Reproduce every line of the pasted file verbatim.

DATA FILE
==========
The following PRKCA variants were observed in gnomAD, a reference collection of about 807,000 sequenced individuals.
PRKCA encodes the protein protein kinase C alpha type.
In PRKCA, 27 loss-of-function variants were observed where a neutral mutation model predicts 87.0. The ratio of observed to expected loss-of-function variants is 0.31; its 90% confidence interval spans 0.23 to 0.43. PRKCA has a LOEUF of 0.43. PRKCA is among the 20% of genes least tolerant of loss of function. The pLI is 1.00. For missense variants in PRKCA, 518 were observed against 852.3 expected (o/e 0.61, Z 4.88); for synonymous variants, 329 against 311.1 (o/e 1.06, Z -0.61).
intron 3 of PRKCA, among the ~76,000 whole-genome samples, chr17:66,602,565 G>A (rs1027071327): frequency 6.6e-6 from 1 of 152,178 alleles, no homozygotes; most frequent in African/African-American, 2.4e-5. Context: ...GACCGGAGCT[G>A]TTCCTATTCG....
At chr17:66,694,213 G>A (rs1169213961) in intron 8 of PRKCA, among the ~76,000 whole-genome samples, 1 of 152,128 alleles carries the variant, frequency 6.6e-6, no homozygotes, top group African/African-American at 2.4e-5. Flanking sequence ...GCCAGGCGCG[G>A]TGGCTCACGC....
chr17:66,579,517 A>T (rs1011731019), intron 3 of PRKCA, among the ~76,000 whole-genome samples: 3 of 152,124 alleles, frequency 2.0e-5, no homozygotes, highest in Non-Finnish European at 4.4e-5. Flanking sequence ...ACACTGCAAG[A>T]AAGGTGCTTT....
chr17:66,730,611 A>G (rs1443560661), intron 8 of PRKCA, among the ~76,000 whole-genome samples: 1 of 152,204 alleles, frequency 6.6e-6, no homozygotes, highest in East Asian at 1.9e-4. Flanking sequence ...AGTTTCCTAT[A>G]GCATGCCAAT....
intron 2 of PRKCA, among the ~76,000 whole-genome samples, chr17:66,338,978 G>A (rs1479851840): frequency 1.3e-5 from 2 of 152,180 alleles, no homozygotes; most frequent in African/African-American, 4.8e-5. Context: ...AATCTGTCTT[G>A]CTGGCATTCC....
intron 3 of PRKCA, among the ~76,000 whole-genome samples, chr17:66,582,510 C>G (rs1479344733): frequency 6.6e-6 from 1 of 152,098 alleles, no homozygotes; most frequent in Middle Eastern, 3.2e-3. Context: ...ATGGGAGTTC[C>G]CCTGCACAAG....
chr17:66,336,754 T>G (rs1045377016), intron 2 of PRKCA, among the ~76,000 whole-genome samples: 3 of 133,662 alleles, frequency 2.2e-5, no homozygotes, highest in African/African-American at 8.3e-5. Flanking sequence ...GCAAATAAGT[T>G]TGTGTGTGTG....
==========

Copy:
The following PRKCA variants were observed in gnomAD, a reference collection of about 807,000 sequenced individuals.
PRKCA encodes the protein protein kinase C alpha type.
In PRKCA, 27 loss-of-function variants were observed where a neutral mutation model predicts 87.0. The ratio of observed to expected loss-of-function variants is 0.31; its 90% confidence interval spans 0.23 to 0.43. PRKCA has a LOEUF of 0.43. PRKCA is among the 20% of genes least tolerant of loss of function. The pLI is 1.00. For missense variants in PRKCA, 518 were observed against 852.3 expected (o/e 0.61, Z 4.88); for synonymous variants, 329 against 311.1 (o/e 1.06, Z -0.61).
intron 3 of PRKCA, among the ~76,000 whole-genome samples, chr17:66,602,565 G>A (rs1027071327): frequency 6.6e-6 from 1 of 152,178 alleles, no homozygotes; most frequent in African/African-American, 2.4e-5. Context: ...GACCGGAGCT[G>A]TTCCTATTCG....
At chr17:66,694,213 G>A (rs1169213961) in intron 8 of PRKCA, among the ~76,000 whole-genome samples, 1 of 152,128 alleles carries the variant, frequency 6.6e-6, no homozygotes, top group African/African-American at 2.4e-5. Flanking sequence ...GCCAGGCGCG[G>A]TGGCTCACGC....
chr17:66,579,517 A>T (rs1011731019), intron 3 of PRKCA, among the ~76,000 whole-genome samples: 3 of 152,124 alleles, frequency 2.0e-5, no homozygotes, highest in Non-Finnish European at 4.4e-5. Flanking sequence ...ACACTGCAAG[A>T]AAGGTGCTTT....
chr17:66,730,611 A>G (rs1443560661), intron 8 of PRKCA, among the ~76,000 whole-genome samples: 1 of 152,204 alleles, frequency 6.6e-6, no homozygotes, highest in East Asian at 1.9e-4. Flanking sequence ...AGTTTCCTAT[A>G]GCATGCCAAT....
intron 2 of PRKCA, among the ~76,000 whole-genome samples, chr17:66,338,978 G>A (rs1479851840): frequency 1.3e-5 from 2 of 152,180 alleles, no homozygotes; most frequent in African/African-American, 4.8e-5. Context: ...AATCTGTCTT[G>A]CTGGCATTCC....
intron 3 of PRKCA, among the ~76,000 whole-genome samples, chr17:66,582,510 C>G (rs1479344733): frequency 6.6e-6 from 1 of 152,098 alleles, no homozygotes; most frequent in Middle Eastern, 3.2e-3. Context: ...ATGGGAGTTC[C>G]CCTGCACAAG....
chr17:66,336,754 T>G (rs1045377016), intron 2 of PRKCA, among the ~76,000 whole-genome samples: 3 of 133,662 alleles, frequency 2.2e-5, no homozygotes, highest in African/African-American at 8.3e-5. Flanking sequence ...GCAAATAAGT[T>G]TGTGTGTGTG....